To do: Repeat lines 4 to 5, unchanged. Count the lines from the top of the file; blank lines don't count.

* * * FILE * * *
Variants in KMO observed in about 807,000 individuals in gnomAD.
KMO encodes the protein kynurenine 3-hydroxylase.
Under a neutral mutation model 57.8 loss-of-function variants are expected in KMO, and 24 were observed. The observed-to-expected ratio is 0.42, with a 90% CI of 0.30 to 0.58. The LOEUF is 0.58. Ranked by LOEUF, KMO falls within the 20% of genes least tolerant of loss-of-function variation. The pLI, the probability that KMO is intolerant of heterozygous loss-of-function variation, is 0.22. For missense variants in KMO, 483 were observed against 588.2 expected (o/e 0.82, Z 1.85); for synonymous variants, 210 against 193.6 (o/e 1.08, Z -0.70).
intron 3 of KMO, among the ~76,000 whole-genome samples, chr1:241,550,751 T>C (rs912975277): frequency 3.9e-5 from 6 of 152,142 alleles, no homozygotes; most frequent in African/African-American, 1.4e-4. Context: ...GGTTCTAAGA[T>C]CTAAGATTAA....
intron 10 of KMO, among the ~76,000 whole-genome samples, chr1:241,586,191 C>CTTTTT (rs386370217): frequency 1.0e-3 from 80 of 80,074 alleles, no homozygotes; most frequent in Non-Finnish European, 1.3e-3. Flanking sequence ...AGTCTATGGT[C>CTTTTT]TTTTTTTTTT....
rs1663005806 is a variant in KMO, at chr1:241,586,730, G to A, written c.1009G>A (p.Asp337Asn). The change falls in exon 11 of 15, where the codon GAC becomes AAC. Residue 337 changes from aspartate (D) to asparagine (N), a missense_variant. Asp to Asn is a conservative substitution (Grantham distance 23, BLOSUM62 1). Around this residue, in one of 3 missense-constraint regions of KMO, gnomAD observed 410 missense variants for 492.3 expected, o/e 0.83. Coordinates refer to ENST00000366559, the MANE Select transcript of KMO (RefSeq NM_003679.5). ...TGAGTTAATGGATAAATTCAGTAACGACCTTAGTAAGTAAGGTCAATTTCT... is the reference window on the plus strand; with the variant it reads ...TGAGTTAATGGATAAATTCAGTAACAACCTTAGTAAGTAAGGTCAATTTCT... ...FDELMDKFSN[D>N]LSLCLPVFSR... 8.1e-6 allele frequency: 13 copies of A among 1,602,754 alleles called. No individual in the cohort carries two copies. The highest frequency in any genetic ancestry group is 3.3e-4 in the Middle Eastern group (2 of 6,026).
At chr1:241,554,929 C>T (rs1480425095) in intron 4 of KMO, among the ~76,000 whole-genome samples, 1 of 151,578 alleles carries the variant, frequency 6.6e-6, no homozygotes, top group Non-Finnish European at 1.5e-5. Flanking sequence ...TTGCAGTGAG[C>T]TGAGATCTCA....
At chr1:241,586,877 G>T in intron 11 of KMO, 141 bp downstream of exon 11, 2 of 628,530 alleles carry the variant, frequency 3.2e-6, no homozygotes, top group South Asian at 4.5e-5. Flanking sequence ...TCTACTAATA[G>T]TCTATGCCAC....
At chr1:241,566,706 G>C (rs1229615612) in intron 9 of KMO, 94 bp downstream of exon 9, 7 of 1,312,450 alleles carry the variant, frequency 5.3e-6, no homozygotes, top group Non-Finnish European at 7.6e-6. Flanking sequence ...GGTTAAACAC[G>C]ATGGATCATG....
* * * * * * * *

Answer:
intron 3 of KMO, among the ~76,000 whole-genome samples, chr1:241,550,751 T>C (rs912975277): frequency 3.9e-5 from 6 of 152,142 alleles, no homozygotes; most frequent in African/African-American, 1.4e-4. Context: ...GGTTCTAAGA[T>C]CTAAGATTAA....
intron 10 of KMO, among the ~76,000 whole-genome samples, chr1:241,586,191 C>CTTTTT (rs386370217): frequency 1.0e-3 from 80 of 80,074 alleles, no homozygotes; most frequent in Non-Finnish European, 1.3e-3. Flanking sequence ...AGTCTATGGT[C>CTTTTT]TTTTTTTTTT....